In preparation for the disc conversion the drum hardware had to be removed right down to the spindle. Additionally new brake lines would also have to be routed as the design would be moving from a single to dual circuit. A proportioning valve would also need to be added to avoid locking up the rear (still) drum brakes.
An easy start was removing the old manual, single circuit master cylinder. Not much fluid remained in it as the car had been idle since at least 1981. Is it possible I could have filled the master cylinder with fluid, bleed it and it would have worked? Possible. Would it then fail in service sometime after? Likely.
The next step is to remove the old drum brake hardware. Simple in concept but it proved to be a bit of a challenge. You can see the one missing wheel stud on the driver’s side in the above photo. As luck would have it the wheel studs are a part of the drum assembly so when it is replaced the wheel stud issue goes with it.
Perhaps not surprisingly given their long period of inactivity the drums did not want to come off without a fight. After giving the drum face a thorough hammering job the drum was not longer seized to the hub. The drum adjuster was incredibly stiff and I was only able to eek out a tiny amount of movement after liberally spraying with penetrating oil. At this point I could rock the drum a little but the shoes were holding up the drum from further movement. Not pictured but the dust cover, spindle nut and outer bearing also come off at this stage.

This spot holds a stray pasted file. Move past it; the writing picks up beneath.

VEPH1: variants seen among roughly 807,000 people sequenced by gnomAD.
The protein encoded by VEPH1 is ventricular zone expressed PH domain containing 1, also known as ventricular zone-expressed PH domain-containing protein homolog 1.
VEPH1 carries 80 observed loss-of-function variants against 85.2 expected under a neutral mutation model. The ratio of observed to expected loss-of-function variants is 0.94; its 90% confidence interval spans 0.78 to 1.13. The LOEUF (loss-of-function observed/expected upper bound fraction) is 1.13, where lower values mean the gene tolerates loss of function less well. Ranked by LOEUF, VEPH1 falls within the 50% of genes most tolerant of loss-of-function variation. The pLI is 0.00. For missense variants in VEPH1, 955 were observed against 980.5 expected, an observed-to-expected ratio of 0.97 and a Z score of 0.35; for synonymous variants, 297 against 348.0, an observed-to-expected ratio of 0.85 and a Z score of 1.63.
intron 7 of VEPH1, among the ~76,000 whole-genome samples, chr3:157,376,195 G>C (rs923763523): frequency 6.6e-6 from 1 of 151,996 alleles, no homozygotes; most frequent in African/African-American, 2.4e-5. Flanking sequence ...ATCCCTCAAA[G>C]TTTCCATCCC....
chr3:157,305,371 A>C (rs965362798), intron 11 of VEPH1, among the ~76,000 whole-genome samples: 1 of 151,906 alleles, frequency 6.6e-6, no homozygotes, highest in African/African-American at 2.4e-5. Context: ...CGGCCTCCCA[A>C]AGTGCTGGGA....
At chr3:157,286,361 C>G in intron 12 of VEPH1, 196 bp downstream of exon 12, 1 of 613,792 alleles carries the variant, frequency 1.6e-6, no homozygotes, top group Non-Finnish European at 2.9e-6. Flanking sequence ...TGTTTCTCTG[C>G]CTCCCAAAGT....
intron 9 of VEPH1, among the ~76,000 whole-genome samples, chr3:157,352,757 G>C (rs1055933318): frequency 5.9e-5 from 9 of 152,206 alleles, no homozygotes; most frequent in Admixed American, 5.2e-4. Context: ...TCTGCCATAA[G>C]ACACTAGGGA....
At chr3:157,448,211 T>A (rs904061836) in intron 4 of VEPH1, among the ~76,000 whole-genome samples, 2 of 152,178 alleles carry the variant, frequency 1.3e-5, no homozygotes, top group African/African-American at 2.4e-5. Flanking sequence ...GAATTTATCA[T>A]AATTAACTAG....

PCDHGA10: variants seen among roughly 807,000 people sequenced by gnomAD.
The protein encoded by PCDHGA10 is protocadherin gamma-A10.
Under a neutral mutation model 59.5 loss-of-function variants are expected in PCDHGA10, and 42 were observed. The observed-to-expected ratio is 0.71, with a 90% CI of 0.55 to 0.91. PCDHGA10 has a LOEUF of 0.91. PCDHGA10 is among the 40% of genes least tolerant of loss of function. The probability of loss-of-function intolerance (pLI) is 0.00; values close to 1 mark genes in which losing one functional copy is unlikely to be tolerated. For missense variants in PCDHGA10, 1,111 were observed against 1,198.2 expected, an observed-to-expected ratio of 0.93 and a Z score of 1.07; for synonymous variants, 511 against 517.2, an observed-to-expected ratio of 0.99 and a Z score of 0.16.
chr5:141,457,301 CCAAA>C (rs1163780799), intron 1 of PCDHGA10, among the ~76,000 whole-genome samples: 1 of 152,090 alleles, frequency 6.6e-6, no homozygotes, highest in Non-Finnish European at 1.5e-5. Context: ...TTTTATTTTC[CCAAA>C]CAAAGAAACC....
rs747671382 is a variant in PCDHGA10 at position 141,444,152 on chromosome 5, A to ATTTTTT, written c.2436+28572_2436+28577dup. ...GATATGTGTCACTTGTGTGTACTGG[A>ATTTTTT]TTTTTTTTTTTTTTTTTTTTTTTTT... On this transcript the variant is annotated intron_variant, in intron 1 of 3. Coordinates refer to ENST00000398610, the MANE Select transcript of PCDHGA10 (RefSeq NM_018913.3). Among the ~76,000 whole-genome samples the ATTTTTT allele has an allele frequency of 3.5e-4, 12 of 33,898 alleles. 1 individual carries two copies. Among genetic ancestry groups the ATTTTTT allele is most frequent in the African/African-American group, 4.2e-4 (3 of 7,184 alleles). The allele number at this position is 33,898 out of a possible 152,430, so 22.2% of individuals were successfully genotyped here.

The next step in stuck drum removal is to drill out the mounting hardware for the shoes. As you can imagine the angles to accomplish this are not always easy but I managed. Frustratingly the drums still did not come off. The above photo is of mounting hardware in the drum after I got them off.
The brute force method with some pry bars was up next. After much frustration and colorful language we get the above point. I can report that the shoes were the only thing smiling that day in the garage. The passenger side came off a little easier as I got a bit more movement out of the adjuster but the same basic process had to be followed.
The inner bearing, shoes, adjuster and various springs were quickly pulled off the brake backing plate and I was left with three bolts to remove. The two smaller, lower bolts connected the steering arm and drum backing plate to the spindle and the large top one secured the brake cylinder and drum backing plate to the spindle. The top bolt had a very thin bolt head area but required a massive amount of force to loosen. I was able to remove it with careful use of a borrowed 2ft breaker bar and a deep socket. One of the two bottom bolts eventually broke free. The other simply would not. It was so seized in place that when pulling on it with the breaker bar the bolt head itself was twisting rather than turning. Nothing for it but grinding the bolt head off and drilling out the (very long) bolt in the spindle and steering arm. This took much longer than I would like to admit.
Again the driver’s side was a massive pain but the passenger side was relatively more smooth with bolts that broke free cleanly. After far too long we were now down to a bare spindle on each side. Some clean up is obviously still required.
There were a few queries in past sections if this car still sported the original paint. It does but I am unsure about the markings above the heater components. Any ideas?
For the next installment the new disc components will get installed. Stay tuned.
The whole Affordable Classic series thus far:
- The Search Is On
- Landed One – 1961 Pontiac Laurentian
- Dragging It Home
- Assessment and Planning
- Little Fixes
- Shocks and Brake Removal
- Disc Brake Mounting
- Cooling and Fueling